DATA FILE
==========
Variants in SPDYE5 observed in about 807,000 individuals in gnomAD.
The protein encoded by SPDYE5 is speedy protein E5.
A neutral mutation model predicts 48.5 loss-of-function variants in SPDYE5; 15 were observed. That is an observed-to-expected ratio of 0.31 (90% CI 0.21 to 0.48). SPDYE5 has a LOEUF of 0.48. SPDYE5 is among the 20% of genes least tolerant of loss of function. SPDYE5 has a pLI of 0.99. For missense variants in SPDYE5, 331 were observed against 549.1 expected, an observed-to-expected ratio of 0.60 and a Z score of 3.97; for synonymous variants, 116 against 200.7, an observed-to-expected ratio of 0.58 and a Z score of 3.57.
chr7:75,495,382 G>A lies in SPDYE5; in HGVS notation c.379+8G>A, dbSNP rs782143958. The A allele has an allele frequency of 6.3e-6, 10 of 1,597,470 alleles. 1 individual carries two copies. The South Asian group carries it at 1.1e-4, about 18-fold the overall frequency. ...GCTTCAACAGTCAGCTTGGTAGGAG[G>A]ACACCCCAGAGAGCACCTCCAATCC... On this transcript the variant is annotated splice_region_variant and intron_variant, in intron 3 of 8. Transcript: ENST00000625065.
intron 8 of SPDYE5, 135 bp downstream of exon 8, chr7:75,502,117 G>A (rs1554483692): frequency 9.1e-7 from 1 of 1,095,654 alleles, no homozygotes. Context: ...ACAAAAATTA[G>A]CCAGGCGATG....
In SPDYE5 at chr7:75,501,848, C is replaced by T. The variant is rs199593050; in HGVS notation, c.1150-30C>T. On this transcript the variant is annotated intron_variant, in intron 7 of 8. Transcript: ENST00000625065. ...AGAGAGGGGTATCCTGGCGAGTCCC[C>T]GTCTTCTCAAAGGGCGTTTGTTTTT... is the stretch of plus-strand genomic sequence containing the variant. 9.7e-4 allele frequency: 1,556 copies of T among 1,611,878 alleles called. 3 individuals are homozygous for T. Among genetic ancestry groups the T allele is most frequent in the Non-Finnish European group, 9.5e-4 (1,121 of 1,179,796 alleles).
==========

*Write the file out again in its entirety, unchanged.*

Variants in SPDYE5 observed in about 807,000 individuals in gnomAD.
The protein encoded by SPDYE5 is speedy protein E5.
A neutral mutation model predicts 48.5 loss-of-function variants in SPDYE5; 15 were observed. That is an observed-to-expected ratio of 0.31 (90% CI 0.21 to 0.48). SPDYE5 has a LOEUF of 0.48. SPDYE5 is among the 20% of genes least tolerant of loss of function. SPDYE5 has a pLI of 0.99. For missense variants in SPDYE5, 331 were observed against 549.1 expected, an observed-to-expected ratio of 0.60 and a Z score of 3.97; for synonymous variants, 116 against 200.7, an observed-to-expected ratio of 0.58 and a Z score of 3.57.
chr7:75,495,382 G>A lies in SPDYE5; in HGVS notation c.379+8G>A, dbSNP rs782143958. The A allele has an allele frequency of 6.3e-6, 10 of 1,597,470 alleles. 1 individual carries two copies. The South Asian group carries it at 1.1e-4, about 18-fold the overall frequency. ...GCTTCAACAGTCAGCTTGGTAGGAG[G>A]ACACCCCAGAGAGCACCTCCAATCC... On this transcript the variant is annotated splice_region_variant and intron_variant, in intron 3 of 8. Transcript: ENST00000625065.
intron 8 of SPDYE5, 135 bp downstream of exon 8, chr7:75,502,117 G>A (rs1554483692): frequency 9.1e-7 from 1 of 1,095,654 alleles, no homozygotes. Context: ...ACAAAAATTA[G>A]CCAGGCGATG....
In SPDYE5 at chr7:75,501,848, C is replaced by T. The variant is rs199593050; in HGVS notation, c.1150-30C>T. On this transcript the variant is annotated intron_variant, in intron 7 of 8. Transcript: ENST00000625065. ...AGAGAGGGGTATCCTGGCGAGTCCC[C>T]GTCTTCTCAAAGGGCGTTTGTTTTT... is the stretch of plus-strand genomic sequence containing the variant. 9.7e-4 allele frequency: 1,556 copies of T among 1,611,878 alleles called. 3 individuals are homozygous for T. Among genetic ancestry groups the T allele is most frequent in the Non-Finnish European group, 9.5e-4 (1,121 of 1,179,796 alleles).